Songs that saved your life

I’m not on a Smith’s retrospective, but the line did occur to me this afternoon after walking back from coffee with the biggest Smith’s fan I know. I was actually humming “Whilst My Guitar Gently Weeps”, mainly because I’ve got “The Beatles” (or “The White Album” as it’s more commonly known) going round my head on permanent loop at the moment because it’s become the album I’ve associated with this moment.

Warning, this may not make sense.

I’m a visual person (hence my job), but I pretty much associate everything with a piece of music. Music is wonderful in that it doesn’t draw the eye away from what I’m concentrating on but allows me to function. I couldn’t do the number of miles I do without a constant supply of music in the car, nor would I have got through university without a raft of albums that still make me nostalgic to listen to them. More than anything I associate a piece of music or an album with a time. Often it ends up by design in that what I am doing will remind me of something I’ve heard and I’ll go and seek it out. Sometimes it’s just what I’d heard at the time and it becomes associated.

There are albums that I couldn’t listen to for years after the event that I associate, but have gradually come to appreciate again. I never fell out of love with them, but they meant something more that was just a tiny bit painful. “Seven” by James is the first that springs to mind, it’s still an awkward bugger for me to listen to because of what it means. One track in particular is one that I will either continually hit repeat on or skip depending on my mood. Similarly “Ok Computer” by Radiohead is so stuck in a period of my life that I rarely listen to it without remembering that period and everything that happened. I can still listen to it but it makes me very emotional.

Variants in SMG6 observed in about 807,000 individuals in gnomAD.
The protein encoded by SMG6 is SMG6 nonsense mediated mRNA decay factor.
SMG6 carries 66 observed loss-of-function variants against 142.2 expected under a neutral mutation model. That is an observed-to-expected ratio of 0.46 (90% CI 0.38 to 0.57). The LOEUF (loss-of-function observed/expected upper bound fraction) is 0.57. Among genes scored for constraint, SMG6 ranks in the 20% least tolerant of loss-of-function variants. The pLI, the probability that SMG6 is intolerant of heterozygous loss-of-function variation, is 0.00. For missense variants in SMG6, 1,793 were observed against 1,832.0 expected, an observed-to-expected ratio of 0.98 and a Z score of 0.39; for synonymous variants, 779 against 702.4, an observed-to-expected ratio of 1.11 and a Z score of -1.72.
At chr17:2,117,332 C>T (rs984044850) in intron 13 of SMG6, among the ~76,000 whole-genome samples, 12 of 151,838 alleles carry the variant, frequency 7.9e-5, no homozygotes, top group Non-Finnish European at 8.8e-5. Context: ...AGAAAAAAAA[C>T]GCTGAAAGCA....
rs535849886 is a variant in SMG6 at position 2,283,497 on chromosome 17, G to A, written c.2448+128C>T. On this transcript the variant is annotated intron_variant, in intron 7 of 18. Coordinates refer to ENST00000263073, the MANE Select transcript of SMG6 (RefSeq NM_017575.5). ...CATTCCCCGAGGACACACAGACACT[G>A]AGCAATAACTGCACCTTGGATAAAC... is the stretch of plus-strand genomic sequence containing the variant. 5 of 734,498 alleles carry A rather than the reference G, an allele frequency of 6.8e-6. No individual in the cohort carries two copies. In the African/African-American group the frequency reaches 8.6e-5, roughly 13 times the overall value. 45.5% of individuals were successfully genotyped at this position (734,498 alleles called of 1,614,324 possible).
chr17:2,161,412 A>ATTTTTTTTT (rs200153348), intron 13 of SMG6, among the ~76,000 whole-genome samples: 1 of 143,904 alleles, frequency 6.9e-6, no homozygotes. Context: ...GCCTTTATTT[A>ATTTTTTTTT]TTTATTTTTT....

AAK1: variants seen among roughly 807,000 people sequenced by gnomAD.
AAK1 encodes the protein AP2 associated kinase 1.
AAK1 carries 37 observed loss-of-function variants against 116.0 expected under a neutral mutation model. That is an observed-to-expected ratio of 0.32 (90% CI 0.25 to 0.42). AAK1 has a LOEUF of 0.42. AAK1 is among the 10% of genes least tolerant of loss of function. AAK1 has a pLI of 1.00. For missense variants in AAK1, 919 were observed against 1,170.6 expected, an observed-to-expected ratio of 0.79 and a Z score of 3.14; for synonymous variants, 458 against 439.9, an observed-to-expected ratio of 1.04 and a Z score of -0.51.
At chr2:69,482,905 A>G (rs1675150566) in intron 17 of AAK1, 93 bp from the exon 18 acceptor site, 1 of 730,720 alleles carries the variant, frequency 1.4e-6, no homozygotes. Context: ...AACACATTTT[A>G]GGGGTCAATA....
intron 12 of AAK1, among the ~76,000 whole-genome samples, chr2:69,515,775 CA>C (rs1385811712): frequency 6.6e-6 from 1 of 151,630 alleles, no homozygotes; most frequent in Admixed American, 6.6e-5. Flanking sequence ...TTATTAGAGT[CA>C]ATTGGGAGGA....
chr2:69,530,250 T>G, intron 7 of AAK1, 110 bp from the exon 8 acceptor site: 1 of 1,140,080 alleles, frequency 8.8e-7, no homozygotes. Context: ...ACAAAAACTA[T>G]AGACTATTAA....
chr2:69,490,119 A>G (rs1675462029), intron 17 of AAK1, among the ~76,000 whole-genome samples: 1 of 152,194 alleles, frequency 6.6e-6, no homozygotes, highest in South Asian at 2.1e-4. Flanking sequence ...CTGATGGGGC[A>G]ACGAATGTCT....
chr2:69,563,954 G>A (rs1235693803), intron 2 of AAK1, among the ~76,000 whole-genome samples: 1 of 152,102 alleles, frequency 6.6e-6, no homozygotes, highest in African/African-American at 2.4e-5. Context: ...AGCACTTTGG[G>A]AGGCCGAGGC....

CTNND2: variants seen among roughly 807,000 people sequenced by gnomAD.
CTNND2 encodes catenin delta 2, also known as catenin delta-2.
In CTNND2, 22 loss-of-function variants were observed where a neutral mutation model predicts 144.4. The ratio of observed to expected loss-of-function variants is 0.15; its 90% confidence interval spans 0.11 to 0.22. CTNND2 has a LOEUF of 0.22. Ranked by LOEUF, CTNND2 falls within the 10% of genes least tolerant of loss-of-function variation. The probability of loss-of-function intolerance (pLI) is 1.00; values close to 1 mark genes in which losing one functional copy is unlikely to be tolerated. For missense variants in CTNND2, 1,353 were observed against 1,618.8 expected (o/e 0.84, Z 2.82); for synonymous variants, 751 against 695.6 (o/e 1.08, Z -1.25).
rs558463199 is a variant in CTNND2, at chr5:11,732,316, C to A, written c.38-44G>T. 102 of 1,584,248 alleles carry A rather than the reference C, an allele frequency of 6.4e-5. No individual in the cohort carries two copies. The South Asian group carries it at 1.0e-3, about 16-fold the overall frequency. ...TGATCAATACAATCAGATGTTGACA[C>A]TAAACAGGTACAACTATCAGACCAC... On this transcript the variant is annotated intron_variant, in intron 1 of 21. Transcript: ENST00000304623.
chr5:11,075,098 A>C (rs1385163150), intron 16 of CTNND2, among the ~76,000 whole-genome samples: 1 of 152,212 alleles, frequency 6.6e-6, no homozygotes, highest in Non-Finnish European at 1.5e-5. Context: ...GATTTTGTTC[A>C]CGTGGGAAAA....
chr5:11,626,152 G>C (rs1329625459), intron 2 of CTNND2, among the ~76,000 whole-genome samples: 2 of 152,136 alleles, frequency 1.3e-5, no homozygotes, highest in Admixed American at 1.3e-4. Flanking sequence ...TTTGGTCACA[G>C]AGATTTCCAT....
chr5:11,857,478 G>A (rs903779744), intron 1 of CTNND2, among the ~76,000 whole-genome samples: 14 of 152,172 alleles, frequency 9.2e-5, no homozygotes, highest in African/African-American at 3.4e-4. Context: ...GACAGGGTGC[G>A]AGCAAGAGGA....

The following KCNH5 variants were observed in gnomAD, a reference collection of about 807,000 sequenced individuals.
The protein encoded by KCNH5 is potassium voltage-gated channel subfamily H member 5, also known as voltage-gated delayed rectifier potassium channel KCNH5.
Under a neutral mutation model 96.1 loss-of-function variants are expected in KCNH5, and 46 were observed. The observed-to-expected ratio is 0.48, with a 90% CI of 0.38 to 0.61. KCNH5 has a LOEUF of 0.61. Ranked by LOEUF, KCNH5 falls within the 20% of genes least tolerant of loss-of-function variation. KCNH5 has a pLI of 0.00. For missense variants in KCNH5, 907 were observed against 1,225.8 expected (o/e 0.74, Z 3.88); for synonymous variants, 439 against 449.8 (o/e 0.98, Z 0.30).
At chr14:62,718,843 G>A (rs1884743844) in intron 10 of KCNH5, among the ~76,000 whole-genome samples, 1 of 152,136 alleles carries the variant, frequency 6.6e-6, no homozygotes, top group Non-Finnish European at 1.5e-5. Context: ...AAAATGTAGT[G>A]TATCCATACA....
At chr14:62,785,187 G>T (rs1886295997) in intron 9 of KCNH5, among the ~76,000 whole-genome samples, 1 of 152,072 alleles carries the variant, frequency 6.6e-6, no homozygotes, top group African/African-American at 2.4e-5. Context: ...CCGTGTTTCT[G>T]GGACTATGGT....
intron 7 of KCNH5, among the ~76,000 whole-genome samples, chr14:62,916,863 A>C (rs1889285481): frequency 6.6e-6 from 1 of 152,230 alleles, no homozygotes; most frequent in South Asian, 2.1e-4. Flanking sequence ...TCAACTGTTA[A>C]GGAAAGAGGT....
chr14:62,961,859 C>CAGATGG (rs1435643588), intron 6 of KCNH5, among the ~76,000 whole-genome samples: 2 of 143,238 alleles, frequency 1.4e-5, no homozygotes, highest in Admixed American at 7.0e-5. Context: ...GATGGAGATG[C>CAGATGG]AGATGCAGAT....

Which makes the fact that I’m now stuck with the album that inspired Charles Manson even stranger (to me at least). I knew that it was bleak (Helter Skelter deserves to have inspired a mass murderer) but it’s timing feels particularly poor. Work is stressing me out more than ever and I don’t even want to begin discussing other aspects of my life yet, suffice to say I’m not particularly a happy bunny at the moment. It’s either an inspired piece of fate or poor timing on the part of my iPod, either way it’s an album that now has associations.

This isn’t to say that I associate all music with times of stress / problems / sadness. Which brings me on to the songs that saved your life. “Girls & Boys” still makes it feel like a Friday afternoon no matter when I hear it, in fact I still put it on for the drive home from anywhere if I need a pick-me up. “Something Changed” by Pulp is the same. The fact that both of these albums hark back to my first year at university is no coincidence, I was finally doing the thing that I’ve grown to love – no doubt a psychologist could have a field day pointing out the associations. There are even songs that I associate with events that haven’t occured yet, but they remain for the most part private.

To me this is the essence of good music, something that integrates its way into your life. I’m not complaining about it, but this time the choice of what it is just strikes me as odd. I don’t particularly believe in random chance – far too much of a control freak to let things get out of hand like that – but this feels as good an argument for it as anything I’ve heard.

And now I’ll stop, as I’m starting to ramble.

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